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  2. My mom gave me an enamel coated cast iron pan (or dutch oven?). It's oval shaped. Is it to be seasoned the same way?

    When searching for info I found various opinions that the enamel itself might be carcinogenic. What do you think? I don't want to use it if that's the case.

    Thanks for the recipes and info.

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  3. Thanks for your question. Enameled cast iron is cast iron coated with a thin layer of powdered glass or porcelain. While some of the manufacturing techniques include adding things like cobalt, nickel, copper, manganese, or titanium dioxide for adhesion or color, generally speaking, enameled cast iron is considered very safe to use as cookware due to its low reactivity and absence of noxious chemicals in the finished product. I would recommend brands made in Europe (where food and cookware safety has been important for much longer than in the U.S.). I would specifically avoid any cookware manufactured in China, due to a spotty track record with product safety. Le Creuset (made in France) is probably the gold standard.

    As far as seasoning goes... enameled cast iron does not require the same seasoning that bare cast iron does. You'll need to scrub it with soap and water, but don't need to oil it or oven-season it.

    Hope that helps!

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  4. Thanks for the information. Of course, mine is "Made in China"! That had been my main concern when I saw that...I don't trust them! It's "Technique" and I'm pretty sure she bought it through one of those shopping channels. It's gorgeous, but I don't think I'll use it again. Maybe there's some way I can test it, like what can be done with lead paint etc.

    Anyway, thanks again. Happy Thanksgiving!

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  5. From what I've read, lead is the main concern.

    It would be an interesting experiment to boil water in the dutch oven for an hour or two, let it sit overnight, and test that water with a drinking water lead test kit.

    Would love to hear the results if you do it...

    Happy thanksgiving to you as well!

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  6. Hi there! I'm wondering why you say not to use a scotch pad. I'm relatively new to cast iron skillets (about 5 months), have been using my skillet regularly, and I always clean it with a scotch pad! Am I ruining the seasoning? Thanks for any help!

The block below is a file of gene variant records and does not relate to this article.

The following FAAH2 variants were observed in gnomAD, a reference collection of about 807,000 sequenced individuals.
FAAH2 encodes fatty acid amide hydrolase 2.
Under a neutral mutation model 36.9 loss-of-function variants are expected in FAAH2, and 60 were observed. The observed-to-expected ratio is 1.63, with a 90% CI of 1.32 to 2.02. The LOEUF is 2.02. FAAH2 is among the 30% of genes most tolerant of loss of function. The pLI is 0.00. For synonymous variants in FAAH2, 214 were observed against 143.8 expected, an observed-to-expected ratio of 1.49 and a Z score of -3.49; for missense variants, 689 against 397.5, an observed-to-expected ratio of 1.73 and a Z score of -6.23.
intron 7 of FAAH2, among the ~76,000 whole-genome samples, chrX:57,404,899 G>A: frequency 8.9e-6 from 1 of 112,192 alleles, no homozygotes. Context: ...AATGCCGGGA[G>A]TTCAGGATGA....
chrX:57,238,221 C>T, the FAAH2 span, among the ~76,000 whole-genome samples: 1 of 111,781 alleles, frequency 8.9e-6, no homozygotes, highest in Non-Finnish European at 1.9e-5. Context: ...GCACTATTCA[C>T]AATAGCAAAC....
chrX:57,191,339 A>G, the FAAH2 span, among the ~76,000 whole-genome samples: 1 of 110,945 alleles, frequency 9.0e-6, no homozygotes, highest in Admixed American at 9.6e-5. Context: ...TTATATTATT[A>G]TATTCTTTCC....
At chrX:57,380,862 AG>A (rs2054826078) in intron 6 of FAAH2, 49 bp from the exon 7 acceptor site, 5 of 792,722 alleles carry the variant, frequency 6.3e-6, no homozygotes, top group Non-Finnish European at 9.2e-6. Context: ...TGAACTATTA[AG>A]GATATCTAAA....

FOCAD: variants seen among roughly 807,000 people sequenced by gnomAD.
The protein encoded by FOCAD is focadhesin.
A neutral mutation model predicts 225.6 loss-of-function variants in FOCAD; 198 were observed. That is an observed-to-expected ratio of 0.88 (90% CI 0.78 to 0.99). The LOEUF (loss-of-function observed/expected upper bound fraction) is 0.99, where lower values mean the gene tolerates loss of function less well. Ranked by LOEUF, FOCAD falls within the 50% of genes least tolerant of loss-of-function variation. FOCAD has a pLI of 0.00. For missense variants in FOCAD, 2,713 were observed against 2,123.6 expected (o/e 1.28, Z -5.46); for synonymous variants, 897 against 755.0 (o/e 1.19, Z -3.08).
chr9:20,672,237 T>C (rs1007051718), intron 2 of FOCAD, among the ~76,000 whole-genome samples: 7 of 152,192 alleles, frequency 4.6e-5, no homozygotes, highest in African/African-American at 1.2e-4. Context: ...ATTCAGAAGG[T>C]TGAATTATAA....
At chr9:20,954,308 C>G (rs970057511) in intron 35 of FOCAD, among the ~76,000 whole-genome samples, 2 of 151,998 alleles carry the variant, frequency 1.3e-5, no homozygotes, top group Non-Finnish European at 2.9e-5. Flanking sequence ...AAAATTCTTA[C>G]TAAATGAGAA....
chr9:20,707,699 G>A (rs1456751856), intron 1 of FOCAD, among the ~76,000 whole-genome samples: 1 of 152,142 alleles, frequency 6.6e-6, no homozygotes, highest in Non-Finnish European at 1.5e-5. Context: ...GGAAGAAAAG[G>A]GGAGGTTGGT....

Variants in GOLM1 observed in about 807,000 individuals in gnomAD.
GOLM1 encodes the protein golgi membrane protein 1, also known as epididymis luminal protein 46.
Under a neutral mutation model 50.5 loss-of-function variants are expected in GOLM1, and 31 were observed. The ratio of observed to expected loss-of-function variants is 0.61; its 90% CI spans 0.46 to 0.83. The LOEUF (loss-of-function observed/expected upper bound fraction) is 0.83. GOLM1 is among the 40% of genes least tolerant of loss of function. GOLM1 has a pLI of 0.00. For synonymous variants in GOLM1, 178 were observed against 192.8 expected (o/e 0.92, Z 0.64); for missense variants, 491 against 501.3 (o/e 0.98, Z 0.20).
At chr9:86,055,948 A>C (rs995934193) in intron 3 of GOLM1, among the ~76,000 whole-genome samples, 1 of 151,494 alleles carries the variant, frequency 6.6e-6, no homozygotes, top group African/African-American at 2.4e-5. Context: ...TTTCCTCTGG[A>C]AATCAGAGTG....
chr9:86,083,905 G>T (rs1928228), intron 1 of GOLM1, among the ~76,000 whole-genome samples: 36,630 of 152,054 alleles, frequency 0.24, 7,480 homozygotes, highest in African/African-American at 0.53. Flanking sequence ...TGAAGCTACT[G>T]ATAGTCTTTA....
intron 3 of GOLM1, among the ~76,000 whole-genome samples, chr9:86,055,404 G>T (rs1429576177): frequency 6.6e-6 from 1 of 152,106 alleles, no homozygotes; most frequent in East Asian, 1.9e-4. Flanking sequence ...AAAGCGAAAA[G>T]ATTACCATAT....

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  7. Hi Christine,

    Thanks for stopping by... and welcome to the club!

    The Scotch (or other abrasive "Brillo"-type pads) can remove the seasoning from the high spots in the metal. You could probably overcome this if you didn't scrub often or heavily, and always re-oiled your pans after use.

    I think you'll be quicker to build up an "heirloom quality" seasoning if you go with a gentler scrubber... but it may also be that gentle use of a Scotch pad roughs up the surface--and allows subsequent oil coatings to adhere better to the base layers. Kind of like sanding between coats of polyurethane on your floor.

    If you're finding the pans to be non-stick and easy to clean after use... I say keep doing what you're doing!

    Hope that helps.

    -Derek

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  8. Hi -- My pan is rusting on the bottom -- it has been put away for 2 years and was well seasoned but the bottom (underside -- not the cooking side) is rusted -- any suggestions for cleaning the noncooking underside without ruining the good seasoning on the top?

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  9. Hi Theresa,

    Bottom-side rust is fairly common, since the heat of a stove tends to burn off the seasoning on many pans.

    If it is very light rust, I'd say don't worry about it. With regular use the rust will likely burn off.

    If the rust is heavier, I'd recommend using oil and salt with an abrasive pad (Scotch, or even steel wool) to remove the rust. Once all rust has been removed, rinse the pan with hot water and dry it immediately in the oven. Then give it a coating of oil and season it in the oven on 350 degrees F for an hour.